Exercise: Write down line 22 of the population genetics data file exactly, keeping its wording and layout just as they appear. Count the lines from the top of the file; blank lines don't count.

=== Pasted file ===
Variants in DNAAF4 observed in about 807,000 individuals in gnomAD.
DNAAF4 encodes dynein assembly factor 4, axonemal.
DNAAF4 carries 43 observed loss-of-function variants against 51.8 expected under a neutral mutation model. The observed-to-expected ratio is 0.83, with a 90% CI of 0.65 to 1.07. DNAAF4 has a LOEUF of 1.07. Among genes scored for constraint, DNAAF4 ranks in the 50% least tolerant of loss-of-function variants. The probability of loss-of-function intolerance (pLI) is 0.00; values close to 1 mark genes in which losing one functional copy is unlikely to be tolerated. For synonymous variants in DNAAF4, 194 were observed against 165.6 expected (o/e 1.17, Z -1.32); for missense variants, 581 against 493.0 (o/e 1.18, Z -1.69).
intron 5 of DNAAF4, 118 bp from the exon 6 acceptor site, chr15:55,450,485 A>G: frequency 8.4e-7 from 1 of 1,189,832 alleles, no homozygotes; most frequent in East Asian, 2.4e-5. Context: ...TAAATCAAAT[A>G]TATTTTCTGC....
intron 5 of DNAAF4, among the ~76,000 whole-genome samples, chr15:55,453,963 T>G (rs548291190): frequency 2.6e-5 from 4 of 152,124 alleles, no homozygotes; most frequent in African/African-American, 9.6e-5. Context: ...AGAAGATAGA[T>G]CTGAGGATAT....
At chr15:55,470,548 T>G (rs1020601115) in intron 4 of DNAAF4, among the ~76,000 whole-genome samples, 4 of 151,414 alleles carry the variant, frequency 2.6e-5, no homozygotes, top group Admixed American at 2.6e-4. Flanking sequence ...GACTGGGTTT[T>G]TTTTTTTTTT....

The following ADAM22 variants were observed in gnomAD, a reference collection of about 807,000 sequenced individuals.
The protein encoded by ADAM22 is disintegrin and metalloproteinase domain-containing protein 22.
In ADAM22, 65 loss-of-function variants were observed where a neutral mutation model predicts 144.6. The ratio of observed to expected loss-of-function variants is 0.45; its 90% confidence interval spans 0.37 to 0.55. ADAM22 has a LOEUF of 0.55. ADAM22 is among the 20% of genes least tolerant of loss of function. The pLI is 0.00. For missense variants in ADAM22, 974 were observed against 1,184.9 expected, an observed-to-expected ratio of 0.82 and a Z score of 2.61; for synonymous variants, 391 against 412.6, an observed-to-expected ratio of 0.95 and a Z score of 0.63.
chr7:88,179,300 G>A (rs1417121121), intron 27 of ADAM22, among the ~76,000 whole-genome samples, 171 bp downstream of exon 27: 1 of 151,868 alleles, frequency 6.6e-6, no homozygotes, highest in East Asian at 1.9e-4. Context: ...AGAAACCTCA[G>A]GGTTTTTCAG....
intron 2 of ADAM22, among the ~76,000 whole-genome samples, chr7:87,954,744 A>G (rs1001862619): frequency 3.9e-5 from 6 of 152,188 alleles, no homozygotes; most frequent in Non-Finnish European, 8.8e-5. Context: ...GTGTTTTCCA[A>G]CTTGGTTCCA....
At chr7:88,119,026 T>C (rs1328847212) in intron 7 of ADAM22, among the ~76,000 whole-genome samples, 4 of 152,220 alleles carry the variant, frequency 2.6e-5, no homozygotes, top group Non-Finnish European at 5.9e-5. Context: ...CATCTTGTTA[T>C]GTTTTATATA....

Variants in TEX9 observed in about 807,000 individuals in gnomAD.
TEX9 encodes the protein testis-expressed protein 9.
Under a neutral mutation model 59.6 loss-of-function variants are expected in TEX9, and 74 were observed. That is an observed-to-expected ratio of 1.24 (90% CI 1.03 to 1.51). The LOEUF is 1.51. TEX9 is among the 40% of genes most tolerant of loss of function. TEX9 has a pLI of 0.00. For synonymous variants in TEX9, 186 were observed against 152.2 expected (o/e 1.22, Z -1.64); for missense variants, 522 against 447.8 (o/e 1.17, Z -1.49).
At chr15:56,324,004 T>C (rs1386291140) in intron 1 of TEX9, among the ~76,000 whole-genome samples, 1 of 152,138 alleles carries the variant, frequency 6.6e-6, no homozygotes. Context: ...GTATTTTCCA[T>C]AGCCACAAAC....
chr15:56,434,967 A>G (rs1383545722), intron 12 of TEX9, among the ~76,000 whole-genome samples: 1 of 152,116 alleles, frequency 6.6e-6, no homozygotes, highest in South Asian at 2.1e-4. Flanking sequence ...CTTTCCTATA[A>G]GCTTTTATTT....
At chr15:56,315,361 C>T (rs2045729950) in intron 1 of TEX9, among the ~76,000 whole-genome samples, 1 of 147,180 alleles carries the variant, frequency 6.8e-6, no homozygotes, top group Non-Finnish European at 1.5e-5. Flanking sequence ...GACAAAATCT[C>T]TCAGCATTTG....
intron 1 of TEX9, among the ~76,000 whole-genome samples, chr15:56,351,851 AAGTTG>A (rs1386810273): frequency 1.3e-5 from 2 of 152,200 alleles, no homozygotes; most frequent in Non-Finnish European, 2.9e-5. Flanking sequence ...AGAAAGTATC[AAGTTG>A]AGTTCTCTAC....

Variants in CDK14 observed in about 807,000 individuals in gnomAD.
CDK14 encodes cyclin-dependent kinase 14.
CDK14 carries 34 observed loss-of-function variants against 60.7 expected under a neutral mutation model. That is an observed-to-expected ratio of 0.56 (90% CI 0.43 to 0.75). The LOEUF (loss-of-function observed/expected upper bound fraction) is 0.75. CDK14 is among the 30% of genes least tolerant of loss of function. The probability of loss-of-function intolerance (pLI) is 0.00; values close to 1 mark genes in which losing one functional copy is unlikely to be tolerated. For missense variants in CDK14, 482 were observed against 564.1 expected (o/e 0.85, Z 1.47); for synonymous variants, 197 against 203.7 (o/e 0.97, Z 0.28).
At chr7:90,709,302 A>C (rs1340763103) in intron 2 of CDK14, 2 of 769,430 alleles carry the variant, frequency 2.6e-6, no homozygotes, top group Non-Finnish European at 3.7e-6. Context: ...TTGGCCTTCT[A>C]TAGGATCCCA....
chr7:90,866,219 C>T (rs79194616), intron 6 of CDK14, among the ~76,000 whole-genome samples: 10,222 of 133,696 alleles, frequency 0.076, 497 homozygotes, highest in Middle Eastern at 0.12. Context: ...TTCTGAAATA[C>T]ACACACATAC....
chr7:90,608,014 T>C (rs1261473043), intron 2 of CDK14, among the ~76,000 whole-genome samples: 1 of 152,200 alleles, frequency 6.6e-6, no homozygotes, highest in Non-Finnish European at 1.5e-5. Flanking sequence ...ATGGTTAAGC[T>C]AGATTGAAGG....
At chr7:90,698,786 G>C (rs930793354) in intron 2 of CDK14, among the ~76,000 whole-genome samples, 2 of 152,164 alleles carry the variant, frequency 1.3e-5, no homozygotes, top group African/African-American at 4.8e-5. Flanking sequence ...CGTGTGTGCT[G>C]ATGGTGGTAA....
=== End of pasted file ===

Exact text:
CDK14 carries 34 observed loss-of-function variants against 60.7 expected under a neutral mutation model. That is an observed-to-expected ratio of 0.56 (90% CI 0.43 to 0.75). The LOEUF (loss-of-function observed/expected upper bound fraction) is 0.75. CDK14 is among the 30% of genes least tolerant of loss of function. The probability of loss-of-function intolerance (pLI) is 0.00; values close to 1 mark genes in which losing one functional copy is unlikely to be tolerated. For missense variants in CDK14, 482 were observed against 564.1 expected (o/e 0.85, Z 1.47); for synonymous variants, 197 against 203.7 (o/e 0.97, Z 0.28).